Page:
Why Is my Cat So Needy?

While dogs are known as man's best friend, eager to learn tricks and constantly shadow their owners, cats are quite the opposite. They're notoriously independent and generally require significantly less attention than their canine counterparts. They often keep to themselves much of the time...at least until they decide otherwise.

Because we're used to this aloof nature, it can really stand out if a cat does become needy. Perhaps he or she is meowing at you more than normal or is more regularly underfoot (or on your keyboard). Maybe your sleep is being interrupted by your cat lately, who is making a habit of climbing onto your chest for late-night cuddle sessions. But what causes these behavior changes? There are a few potential explanations.

Is your cat adopted or are you fostering?

It's not surprising for cats to be clingy when they're first introduced to a new home or environment. Dependence is particularly common among rescue cats, who have experienced a variety of environments and minimal stability. Hopefully with a little time, your new pet will relax and feel less anxious; that said, older cats who have been newly rescued and show signs of neediness may be more set in their ways and less likely to chill out.

The best bet is to take your newly rescued kitty to the vet if he or she is showing signs of needy behavior. A professional can rule out medical issues (which could be the real cause), or help you come up with a plan for providing your cat with a comfortable, stress-free home.

Is your cat sick?

Similar to their human owners, cats can get whiny when they're feeling under the weather. It's a way of communicating. If you've noticed sudden behavioral changes in your cat, it's worth a trip to the vet to rule out a medical issue or illness. Even small problems can lead to noticeable differences in behavior.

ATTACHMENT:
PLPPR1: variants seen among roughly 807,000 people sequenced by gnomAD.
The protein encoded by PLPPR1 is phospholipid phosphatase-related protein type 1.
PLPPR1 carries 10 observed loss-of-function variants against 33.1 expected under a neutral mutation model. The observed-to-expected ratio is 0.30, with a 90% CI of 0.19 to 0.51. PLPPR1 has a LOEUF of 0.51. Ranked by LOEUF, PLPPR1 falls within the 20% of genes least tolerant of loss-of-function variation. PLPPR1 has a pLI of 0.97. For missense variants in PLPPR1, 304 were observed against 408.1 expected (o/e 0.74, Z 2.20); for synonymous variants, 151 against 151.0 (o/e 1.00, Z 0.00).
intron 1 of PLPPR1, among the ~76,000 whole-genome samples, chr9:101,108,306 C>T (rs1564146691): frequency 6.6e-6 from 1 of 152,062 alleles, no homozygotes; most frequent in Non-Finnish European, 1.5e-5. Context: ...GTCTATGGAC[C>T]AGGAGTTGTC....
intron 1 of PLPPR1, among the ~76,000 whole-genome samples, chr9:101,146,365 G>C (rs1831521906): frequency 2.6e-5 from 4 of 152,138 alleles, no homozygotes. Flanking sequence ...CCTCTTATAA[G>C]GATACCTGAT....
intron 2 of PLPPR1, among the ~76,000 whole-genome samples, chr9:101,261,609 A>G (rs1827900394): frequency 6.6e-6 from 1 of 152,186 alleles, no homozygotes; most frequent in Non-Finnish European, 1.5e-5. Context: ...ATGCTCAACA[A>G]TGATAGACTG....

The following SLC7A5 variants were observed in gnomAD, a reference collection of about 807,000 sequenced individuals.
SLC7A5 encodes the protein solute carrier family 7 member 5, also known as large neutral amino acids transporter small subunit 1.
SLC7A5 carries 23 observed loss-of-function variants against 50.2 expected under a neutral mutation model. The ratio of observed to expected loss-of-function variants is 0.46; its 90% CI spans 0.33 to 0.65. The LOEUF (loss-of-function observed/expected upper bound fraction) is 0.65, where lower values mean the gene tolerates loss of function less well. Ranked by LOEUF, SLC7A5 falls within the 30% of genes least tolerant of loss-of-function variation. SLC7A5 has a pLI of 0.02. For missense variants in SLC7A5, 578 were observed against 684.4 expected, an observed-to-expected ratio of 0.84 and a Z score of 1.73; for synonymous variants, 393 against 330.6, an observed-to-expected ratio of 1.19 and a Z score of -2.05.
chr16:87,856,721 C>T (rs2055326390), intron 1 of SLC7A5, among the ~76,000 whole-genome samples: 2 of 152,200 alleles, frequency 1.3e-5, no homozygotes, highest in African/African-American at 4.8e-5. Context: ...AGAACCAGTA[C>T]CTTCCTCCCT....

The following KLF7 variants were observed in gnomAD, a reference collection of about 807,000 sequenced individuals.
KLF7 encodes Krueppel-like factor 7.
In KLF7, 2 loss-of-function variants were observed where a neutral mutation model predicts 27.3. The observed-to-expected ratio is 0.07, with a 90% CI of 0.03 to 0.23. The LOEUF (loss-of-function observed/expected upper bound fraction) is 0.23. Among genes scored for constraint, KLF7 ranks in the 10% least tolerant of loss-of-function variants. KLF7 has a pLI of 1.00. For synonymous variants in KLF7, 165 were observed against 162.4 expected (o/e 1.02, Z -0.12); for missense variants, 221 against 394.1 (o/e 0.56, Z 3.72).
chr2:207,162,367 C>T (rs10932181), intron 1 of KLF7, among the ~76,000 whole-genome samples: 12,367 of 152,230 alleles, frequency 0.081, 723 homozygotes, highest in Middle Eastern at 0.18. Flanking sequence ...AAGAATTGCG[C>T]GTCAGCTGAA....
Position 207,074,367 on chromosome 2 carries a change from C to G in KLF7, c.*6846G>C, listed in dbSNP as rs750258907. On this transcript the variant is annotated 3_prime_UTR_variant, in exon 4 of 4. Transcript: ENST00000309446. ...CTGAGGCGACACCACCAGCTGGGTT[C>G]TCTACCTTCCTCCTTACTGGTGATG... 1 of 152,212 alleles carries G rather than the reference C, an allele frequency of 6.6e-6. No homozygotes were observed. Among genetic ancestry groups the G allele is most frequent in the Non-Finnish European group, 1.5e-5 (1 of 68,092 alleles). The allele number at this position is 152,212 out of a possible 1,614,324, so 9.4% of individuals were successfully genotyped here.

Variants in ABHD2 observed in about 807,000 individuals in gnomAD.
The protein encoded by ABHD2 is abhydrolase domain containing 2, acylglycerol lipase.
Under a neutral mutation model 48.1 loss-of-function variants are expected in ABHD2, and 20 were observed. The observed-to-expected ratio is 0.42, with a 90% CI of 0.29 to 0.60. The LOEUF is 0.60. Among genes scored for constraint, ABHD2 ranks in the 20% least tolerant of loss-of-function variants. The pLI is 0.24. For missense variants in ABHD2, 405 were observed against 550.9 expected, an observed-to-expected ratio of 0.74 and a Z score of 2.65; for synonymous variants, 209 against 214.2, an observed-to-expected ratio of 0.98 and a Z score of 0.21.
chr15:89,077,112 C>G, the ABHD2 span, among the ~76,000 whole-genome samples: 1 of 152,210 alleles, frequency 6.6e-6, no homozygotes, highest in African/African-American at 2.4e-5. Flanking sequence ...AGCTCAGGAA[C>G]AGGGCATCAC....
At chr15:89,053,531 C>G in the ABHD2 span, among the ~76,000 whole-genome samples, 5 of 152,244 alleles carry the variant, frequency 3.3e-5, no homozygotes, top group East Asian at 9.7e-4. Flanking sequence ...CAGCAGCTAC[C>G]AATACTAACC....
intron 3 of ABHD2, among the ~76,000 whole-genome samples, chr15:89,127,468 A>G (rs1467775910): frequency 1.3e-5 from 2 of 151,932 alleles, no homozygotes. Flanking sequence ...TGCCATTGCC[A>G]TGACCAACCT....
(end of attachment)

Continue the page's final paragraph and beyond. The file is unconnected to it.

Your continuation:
During the vet appointment, be sure to bring up the changes you've witnessed and be prepared to give examples if necessary.

Is your cat bored?

This often becomes apparent after the sun goes down. Your cat has spent the greater part of the day napping and lounging around, and now he or she has some pent-up energy to release. Whether it's whipping around the house at full speed or meowing incessantly while you're trying to get your zzzs, cats can have sudden behavioral outbursts in an attempt to get your attention.

To help quell this (potentially) annoying behavior, give your cat some mental stimulation and attention while you're awake, as well as entertainment in the form of toys for those hours while you're fast asleep.

Is your cat simply demanding?

There's a big difference between needy and demanding; the former is a dependence issue and the latter is a form of manipulation. Like humans, cats learn what behaviors get them the results they want.

Do you jump up and let her out when your kitty meows a certain way? Does constant meowing drive you to dole out extra food, treats or more attention? Many pet owners pamper their cats, and rightfully so. But if you go above and beyond on a regular basis, your cat will likely get used to it and "ask" for it again should you stop. Instead, be cognizant of any negative reinforcement you may be inadvertently giving clingy actions. You don't want demanding behavior to become routine.

By Tara Hall

---

About the Author
Tara Hall is an animal-loving writer and editor based in Austin, Texas. Her portfolio runs the gamut from small business marketing content to travel writing, fashion editorial and national music coverage.